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Improving success of stem cell transplant in high-risk blood cancers

The new medicine is expected to enable over 99 percent of people from a wide range of racial/ethnic groups to find a donor, research says.

cyclophosphamide stem cell treatmentcyclophosphamide stem cell treatment

Repurposing cyclophosphamide may enable more patients with high-risk blood cancers to receive transplanted stem cells from unrelated, partially matched donors, new research suggests.

These new findings, which are part of an ongoing Phase II study, will be presented at the 2024 American Society of Clinical Oncology (ASCO) meeting and the European Hematology Association (Abstract #6503).

The study is assessing patients treated with cyclophosphamide and peripheral blood stem cell (PBSC) transplantation.

Expanding the donor pool

Finding a matched donor has been a major obstacle for patients with blood cancers requiring bone marrow or blood stem cell transplants, the researchers noted.

They explained that cyclophosphamide “counteracts” graft vs. host disease (GVHD), a serious side effect of transplantation.

administering cyclophosphamide several days after transplantation leads to high rates of success in patients receiving blood stem cells from unrelated, partially matched donors”

The clinical trial has found that administering cyclophosphamide several days after transplantation leads to “high rates of success in patients receiving blood stem cells from unrelated, partially matched donors”.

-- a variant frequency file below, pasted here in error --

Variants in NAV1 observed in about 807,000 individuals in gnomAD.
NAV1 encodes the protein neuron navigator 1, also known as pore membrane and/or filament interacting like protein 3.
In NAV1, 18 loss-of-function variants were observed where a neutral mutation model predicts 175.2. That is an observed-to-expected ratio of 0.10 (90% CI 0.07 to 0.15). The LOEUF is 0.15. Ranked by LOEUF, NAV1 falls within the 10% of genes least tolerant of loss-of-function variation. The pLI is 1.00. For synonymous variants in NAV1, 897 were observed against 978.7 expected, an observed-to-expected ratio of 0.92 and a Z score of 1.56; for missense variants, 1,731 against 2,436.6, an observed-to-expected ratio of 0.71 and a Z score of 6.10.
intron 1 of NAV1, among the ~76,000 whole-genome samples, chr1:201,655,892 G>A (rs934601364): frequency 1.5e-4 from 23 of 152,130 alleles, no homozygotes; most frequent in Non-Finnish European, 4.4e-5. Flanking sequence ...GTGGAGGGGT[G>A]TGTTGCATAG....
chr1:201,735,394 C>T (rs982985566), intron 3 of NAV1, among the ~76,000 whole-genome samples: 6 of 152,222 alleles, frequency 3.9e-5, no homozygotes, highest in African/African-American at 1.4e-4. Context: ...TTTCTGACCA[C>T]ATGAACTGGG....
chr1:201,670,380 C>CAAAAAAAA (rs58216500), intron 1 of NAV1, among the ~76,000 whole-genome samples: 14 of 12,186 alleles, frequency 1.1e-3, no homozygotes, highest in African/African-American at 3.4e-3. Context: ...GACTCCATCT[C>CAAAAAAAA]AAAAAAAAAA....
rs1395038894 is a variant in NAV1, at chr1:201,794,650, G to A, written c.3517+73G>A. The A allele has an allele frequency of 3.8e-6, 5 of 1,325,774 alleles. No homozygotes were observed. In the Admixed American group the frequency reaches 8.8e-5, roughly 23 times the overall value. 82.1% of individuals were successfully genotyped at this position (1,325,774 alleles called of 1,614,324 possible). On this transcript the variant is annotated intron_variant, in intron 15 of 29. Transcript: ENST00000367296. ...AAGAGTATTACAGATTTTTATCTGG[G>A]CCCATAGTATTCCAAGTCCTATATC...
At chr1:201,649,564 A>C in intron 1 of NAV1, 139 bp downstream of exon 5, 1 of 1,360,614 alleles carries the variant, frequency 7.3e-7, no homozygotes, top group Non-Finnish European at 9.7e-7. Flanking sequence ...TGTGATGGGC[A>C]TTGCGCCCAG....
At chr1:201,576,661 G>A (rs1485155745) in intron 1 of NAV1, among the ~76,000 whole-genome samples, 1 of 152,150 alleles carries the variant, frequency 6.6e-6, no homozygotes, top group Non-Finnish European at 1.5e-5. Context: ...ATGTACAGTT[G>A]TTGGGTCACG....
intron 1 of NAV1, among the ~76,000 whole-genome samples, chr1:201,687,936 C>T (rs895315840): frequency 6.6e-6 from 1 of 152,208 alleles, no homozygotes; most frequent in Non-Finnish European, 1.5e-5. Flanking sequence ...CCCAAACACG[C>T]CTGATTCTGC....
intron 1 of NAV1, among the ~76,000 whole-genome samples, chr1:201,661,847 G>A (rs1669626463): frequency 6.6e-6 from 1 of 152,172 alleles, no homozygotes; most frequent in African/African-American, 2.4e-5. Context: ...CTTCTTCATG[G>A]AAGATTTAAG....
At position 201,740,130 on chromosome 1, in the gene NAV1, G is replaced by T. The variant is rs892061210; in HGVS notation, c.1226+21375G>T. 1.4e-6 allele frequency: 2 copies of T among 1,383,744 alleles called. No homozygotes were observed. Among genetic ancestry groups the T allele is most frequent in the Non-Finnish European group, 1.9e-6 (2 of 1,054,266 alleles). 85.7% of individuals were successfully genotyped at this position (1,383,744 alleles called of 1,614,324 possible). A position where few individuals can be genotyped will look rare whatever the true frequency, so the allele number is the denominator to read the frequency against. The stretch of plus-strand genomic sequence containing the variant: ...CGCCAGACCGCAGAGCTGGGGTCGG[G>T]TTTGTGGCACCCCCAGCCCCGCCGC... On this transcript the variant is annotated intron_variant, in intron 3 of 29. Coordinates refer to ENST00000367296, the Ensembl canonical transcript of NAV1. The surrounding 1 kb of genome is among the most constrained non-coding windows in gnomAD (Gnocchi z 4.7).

An overall high survival rate of 79 percent was observed at one-year post-treatment. “The outcomes seem to be very comparable to those of a fully matched donor,” remarked Dr Antonio Jimenez Jimenez, a lead investigator in the studies.

At this time, 51 percent of patients were free of GVHD and had not relapsed, Jimenez Jimenez added.

The data are “impressive,” he shared, “particularly since the study enrolled high-risk patients and the average age [of participants] was 65”.

Overall, patients “no longer need a perfect match”, the researchers surmised.

Further details about the cyclophosphamide treatment study

There were 70 adults with advanced blood cancers in the initial phase of the study investigating the cyclophosphamide treatment. These individuals received a “reduced-intensity” conditioning regimen to prepare for transplantation. Then stem cells were given from unrelated, partially matched donors.

The ongoing study is enrolling approximately 300 patients. In a second arm of the study, participants receive a stronger regimen, “designed to ablate the bone marrow” prior to transplantation. Paediatric patients are enrolled in the third arm of the study, according to the researchers.